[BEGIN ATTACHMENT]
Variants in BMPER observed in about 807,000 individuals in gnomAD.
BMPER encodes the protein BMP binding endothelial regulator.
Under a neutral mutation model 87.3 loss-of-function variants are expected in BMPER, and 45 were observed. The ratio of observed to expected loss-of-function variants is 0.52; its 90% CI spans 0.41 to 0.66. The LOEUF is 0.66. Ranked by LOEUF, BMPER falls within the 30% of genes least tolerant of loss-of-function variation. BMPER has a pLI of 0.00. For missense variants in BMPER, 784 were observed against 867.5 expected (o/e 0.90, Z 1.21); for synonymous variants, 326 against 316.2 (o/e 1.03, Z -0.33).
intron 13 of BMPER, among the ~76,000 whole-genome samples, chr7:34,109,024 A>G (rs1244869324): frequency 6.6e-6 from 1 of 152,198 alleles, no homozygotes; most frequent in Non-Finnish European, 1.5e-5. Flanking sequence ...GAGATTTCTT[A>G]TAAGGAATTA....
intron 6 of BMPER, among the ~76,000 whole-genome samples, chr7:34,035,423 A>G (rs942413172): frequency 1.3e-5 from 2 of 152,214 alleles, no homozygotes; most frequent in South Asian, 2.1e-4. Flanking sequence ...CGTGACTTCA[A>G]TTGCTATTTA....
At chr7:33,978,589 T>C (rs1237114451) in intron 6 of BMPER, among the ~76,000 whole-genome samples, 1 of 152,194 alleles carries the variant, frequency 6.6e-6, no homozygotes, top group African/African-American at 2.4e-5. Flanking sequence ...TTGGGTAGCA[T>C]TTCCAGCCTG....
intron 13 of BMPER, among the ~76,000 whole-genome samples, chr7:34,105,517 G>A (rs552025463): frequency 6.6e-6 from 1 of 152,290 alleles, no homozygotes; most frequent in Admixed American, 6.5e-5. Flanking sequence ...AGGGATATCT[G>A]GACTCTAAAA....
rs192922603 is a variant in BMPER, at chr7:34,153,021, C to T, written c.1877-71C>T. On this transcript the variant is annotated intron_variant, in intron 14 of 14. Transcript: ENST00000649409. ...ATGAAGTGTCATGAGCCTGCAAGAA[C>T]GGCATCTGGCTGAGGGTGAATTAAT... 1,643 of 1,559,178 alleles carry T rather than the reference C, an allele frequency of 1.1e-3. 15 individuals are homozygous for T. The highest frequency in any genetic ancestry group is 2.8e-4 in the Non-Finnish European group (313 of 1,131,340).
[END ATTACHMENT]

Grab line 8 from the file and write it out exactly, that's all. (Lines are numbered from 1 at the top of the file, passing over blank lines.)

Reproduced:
rs192922603 is a variant in BMPER, at chr7:34,153,021, C to T, written c.1877-71C>T. On this transcript the variant is annotated intron_variant, in intron 14 of 14. Transcript: ENST00000649409. ...ATGAAGTGTCATGAGCCTGCAAGAA[C>T]GGCATCTGGCTGAGGGTGAATTAAT... 1,643 of 1,559,178 alleles carry T rather than the reference C, an allele frequency of 1.1e-3. 15 individuals are homozygous for T. The highest frequency in any genetic ancestry group is 2.8e-4 in the Non-Finnish European group (313 of 1,131,340).